Olivia and Eli Pope
Forty five years ago, Diahann Carroll was the first black actress to star in her own show who didn’t play a domestic worker. Her role as a nurse in “Julia” earned her an Emmy nomination in 1969. Kerry Washington stars in “Scandal,” and was nominated this year in the lead actress category in a drama. Neither won the Emmy but both have broken ground as African American females to lead in a major network television series.
My daughter was not born when Julia was on the air, but she is desperately in love with all things Scandal. She reads all the blogs, tweets, web posts, and magazine articles she can find on the wildly popular show. She calls herself “Scandal’s Biggest Fan.” The title is entirely self-promoted and unofficial of course, but she relishes in converting as many newbies as she can to life within the realm of Scandal.
I have watched close to half the shows. I find them entertaining, if not a little addictive. The last two shows however have really caught my eye. Joe Morton plays Eli Pope, Olivia’s father. In the show, he is a complex character who runs a fictitious government spy organization known as B-613. The audience did not know that he was her father until the last few episodes. An interesting twist to say the least since Morton’s character trains his spies in the fine art of killing. In the process, they utilize torture, mutilation, and other extraordinarily manipulative and covert means of extracting information from the unfortunates that come under the lens of the organization.
Until recently, Olivia thought that her father worked in a museum. As my wife and I watched the show last night, I realized something very fascinating. I could not recall a television show that depicted an African American woman with a strong lead father figure. In the last two episodes of the show, Olivia and Eli are depicted as two strong lead characters who play off each other well. Eli is wealthy, well-educated, powerful, and articulate. One can easily see where Olivia’s character inherited her power and intelligence from. I cannot recall another television series that showed African Americans in that sort of light.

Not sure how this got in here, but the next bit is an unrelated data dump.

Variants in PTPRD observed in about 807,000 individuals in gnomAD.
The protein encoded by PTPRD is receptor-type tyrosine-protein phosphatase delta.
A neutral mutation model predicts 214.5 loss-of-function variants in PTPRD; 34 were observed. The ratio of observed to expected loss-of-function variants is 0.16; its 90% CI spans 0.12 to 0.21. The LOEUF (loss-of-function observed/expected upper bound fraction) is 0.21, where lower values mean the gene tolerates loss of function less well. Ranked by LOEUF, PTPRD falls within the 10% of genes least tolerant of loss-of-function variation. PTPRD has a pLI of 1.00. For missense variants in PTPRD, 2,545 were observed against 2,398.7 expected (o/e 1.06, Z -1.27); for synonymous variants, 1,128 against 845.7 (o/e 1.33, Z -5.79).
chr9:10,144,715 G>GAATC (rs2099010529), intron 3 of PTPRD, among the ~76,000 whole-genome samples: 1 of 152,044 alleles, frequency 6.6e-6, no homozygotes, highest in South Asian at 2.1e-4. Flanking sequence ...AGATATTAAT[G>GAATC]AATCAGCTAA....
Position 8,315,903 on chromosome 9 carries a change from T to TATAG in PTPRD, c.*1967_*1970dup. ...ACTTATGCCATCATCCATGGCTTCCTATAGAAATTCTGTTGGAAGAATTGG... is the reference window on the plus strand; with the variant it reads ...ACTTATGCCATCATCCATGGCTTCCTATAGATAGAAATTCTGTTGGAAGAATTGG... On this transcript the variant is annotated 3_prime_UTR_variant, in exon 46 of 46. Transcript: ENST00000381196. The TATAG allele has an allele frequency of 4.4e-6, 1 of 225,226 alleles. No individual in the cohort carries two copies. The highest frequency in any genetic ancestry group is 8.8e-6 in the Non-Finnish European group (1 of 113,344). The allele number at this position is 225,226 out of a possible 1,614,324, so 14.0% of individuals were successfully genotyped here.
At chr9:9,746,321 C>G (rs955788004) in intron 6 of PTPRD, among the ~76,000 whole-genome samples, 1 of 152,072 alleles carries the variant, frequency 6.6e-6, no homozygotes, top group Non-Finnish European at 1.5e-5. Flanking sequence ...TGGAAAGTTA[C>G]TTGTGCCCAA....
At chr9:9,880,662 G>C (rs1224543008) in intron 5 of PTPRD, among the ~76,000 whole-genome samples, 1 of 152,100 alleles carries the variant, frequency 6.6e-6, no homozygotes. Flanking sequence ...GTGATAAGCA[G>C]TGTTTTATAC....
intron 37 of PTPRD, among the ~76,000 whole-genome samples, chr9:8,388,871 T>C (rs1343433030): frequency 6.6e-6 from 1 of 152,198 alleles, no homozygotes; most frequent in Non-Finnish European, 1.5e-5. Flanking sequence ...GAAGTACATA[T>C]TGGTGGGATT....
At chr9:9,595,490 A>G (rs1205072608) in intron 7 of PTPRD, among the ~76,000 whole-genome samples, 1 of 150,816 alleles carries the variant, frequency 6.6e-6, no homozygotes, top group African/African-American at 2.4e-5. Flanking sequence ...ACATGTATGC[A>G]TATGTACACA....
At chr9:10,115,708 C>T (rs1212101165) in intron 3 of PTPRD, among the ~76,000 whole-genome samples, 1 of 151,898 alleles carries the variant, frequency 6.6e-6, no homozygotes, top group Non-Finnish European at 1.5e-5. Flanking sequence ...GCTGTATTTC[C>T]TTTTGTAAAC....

I recall The Cosby Show with Cliff and Claire Huxtable, but those two characters were not politically powerful in any sense of the word. There was a father figure present, but he was a bit player in the series. Eli Pope sends shivers down the spine of the President’s Chief of Staff. His operatives affect the course of governments. His daughter Olivia is one of the most powerful and connected women in the country. She is also the President’s lover. Never before have we seen such power on television in the African American community. Ironically, this happens at a time when the President, First Lady, and US Attorney General all happen to be African American. History in this way, has helped to evolve the consciousness of our country at least a little.
Watching the dynamic energy between Olivia an Eli is breathtaking. When Olivia decided not to have dinner with her father, he decided to play a dangerous psychological game with her that ultimately led to the rekindling of their Sunday meetings. The ability to manipulate others seems to run deeply in the Pope genome.
My daughter and I talk about almost every show at the end of each episode. Last night’s episode was particularly poignant and terse. We enjoyed learning more about Olivia’s past and we are anxious to see where she and her father go with their conflict. If you have not seen it, it is truly riveting television.
I look forward to seeing where the show will take the two of them. Yes, I know that they are not the main overall focus of the show. Yes, I know that the President will eventually end up in bed with her again. Yes, the basic premise of the show is chaos and scandal. But for the moment, I enjoy watching network television visit groundbreaking arenas by depicting African Americans use political power. It is a rare and breathtaking sight.